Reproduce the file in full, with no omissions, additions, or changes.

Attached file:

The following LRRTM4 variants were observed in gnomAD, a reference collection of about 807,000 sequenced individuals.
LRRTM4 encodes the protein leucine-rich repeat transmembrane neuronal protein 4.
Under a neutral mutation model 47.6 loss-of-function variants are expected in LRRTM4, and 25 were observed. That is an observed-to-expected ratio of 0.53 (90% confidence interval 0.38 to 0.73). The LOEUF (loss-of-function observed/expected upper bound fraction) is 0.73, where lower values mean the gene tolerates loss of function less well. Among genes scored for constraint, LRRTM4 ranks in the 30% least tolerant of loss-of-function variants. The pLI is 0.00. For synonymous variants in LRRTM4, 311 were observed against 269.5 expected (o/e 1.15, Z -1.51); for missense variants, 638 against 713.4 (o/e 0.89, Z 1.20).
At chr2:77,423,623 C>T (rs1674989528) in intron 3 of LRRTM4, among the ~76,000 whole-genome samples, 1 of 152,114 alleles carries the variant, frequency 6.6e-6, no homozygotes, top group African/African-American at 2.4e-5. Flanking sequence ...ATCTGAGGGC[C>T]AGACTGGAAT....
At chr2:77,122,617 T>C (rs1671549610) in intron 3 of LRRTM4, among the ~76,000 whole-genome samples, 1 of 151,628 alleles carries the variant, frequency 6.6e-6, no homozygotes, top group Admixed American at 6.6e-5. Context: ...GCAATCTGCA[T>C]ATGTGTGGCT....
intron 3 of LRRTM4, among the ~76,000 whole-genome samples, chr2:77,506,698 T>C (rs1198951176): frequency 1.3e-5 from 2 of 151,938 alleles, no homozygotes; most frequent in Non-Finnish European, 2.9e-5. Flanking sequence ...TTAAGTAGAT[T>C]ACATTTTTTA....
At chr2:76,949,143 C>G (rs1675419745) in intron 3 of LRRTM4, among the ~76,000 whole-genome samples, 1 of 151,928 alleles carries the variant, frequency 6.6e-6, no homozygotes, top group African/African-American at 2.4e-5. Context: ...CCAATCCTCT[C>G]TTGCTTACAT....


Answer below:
The following LRRTM4 variants were observed in gnomAD, a reference collection of about 807,000 sequenced individuals.
LRRTM4 encodes the protein leucine-rich repeat transmembrane neuronal protein 4.
Under a neutral mutation model 47.6 loss-of-function variants are expected in LRRTM4, and 25 were observed. That is an observed-to-expected ratio of 0.53 (90% confidence interval 0.38 to 0.73). The LOEUF (loss-of-function observed/expected upper bound fraction) is 0.73, where lower values mean the gene tolerates loss of function less well. Among genes scored for constraint, LRRTM4 ranks in the 30% least tolerant of loss-of-function variants. The pLI is 0.00. For synonymous variants in LRRTM4, 311 were observed against 269.5 expected (o/e 1.15, Z -1.51); for missense variants, 638 against 713.4 (o/e 0.89, Z 1.20).
At chr2:77,423,623 C>T (rs1674989528) in intron 3 of LRRTM4, among the ~76,000 whole-genome samples, 1 of 152,114 alleles carries the variant, frequency 6.6e-6, no homozygotes, top group African/African-American at 2.4e-5. Flanking sequence ...ATCTGAGGGC[C>T]AGACTGGAAT....
At chr2:77,122,617 T>C (rs1671549610) in intron 3 of LRRTM4, among the ~76,000 whole-genome samples, 1 of 151,628 alleles carries the variant, frequency 6.6e-6, no homozygotes, top group Admixed American at 6.6e-5. Context: ...GCAATCTGCA[T>C]ATGTGTGGCT....
intron 3 of LRRTM4, among the ~76,000 whole-genome samples, chr2:77,506,698 T>C (rs1198951176): frequency 1.3e-5 from 2 of 151,938 alleles, no homozygotes; most frequent in Non-Finnish European, 2.9e-5. Flanking sequence ...TTAAGTAGAT[T>C]ACATTTTTTA....
At chr2:76,949,143 C>G (rs1675419745) in intron 3 of LRRTM4, among the ~76,000 whole-genome samples, 1 of 151,928 alleles carries the variant, frequency 6.6e-6, no homozygotes, top group African/African-American at 2.4e-5. Context: ...CCAATCCTCT[C>G]TTGCTTACAT....